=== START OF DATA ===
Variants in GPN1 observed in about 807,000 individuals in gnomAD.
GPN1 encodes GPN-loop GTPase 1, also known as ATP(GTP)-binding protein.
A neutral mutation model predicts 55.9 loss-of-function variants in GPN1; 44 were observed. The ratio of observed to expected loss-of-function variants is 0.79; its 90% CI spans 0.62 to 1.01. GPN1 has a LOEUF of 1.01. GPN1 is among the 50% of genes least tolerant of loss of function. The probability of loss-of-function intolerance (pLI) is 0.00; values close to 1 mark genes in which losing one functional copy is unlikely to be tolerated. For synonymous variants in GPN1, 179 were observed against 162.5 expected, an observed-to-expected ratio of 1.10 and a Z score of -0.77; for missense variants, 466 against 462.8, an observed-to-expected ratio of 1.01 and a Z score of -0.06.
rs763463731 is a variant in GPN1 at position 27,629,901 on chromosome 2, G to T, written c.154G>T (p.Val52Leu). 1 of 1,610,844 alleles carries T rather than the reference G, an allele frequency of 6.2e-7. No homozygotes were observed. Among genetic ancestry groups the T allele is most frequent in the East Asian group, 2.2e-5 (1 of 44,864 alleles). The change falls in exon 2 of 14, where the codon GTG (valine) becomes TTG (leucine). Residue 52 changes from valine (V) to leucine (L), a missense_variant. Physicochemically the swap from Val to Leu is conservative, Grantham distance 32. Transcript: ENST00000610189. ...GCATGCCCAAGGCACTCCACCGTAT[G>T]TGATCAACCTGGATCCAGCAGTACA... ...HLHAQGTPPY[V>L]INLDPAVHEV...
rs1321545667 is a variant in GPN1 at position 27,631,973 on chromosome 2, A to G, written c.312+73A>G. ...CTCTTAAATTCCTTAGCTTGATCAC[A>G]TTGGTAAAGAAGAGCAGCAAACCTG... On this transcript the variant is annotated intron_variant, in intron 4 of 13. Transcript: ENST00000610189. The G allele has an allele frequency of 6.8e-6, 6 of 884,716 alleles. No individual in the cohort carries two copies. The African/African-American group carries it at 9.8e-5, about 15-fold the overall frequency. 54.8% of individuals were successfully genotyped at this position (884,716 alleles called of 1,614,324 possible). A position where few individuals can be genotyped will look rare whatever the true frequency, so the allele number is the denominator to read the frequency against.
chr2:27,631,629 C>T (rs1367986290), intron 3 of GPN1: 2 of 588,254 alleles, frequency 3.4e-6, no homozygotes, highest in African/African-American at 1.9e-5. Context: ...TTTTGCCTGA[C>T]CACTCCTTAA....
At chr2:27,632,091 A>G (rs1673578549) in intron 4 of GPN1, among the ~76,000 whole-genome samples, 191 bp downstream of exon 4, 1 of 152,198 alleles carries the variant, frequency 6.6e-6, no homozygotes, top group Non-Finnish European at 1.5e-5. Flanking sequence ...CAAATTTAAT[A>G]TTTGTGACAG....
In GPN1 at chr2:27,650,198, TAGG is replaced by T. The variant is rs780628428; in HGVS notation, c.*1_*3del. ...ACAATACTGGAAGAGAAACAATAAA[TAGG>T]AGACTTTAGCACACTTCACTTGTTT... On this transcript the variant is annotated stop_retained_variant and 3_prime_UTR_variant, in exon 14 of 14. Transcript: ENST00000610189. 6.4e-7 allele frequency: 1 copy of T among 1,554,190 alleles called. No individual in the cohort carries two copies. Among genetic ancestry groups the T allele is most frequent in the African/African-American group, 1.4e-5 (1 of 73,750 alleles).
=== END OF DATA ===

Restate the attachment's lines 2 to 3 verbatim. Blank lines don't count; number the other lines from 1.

GPN1 encodes GPN-loop GTPase 1, also known as ATP(GTP)-binding protein.
A neutral mutation model predicts 55.9 loss-of-function variants in GPN1; 44 were observed. The ratio of observed to expected loss-of-function variants is 0.79; its 90% CI spans 0.62 to 1.01. GPN1 has a LOEUF of 1.01. GPN1 is among the 50% of genes least tolerant of loss of function. The probability of loss-of-function intolerance (pLI) is 0.00; values close to 1 mark genes in which losing one functional copy is unlikely to be tolerated. For synonymous variants in GPN1, 179 were observed against 162.5 expected, an observed-to-expected ratio of 1.10 and a Z score of -0.77; for missense variants, 466 against 462.8, an observed-to-expected ratio of 1.01 and a Z score of -0.06.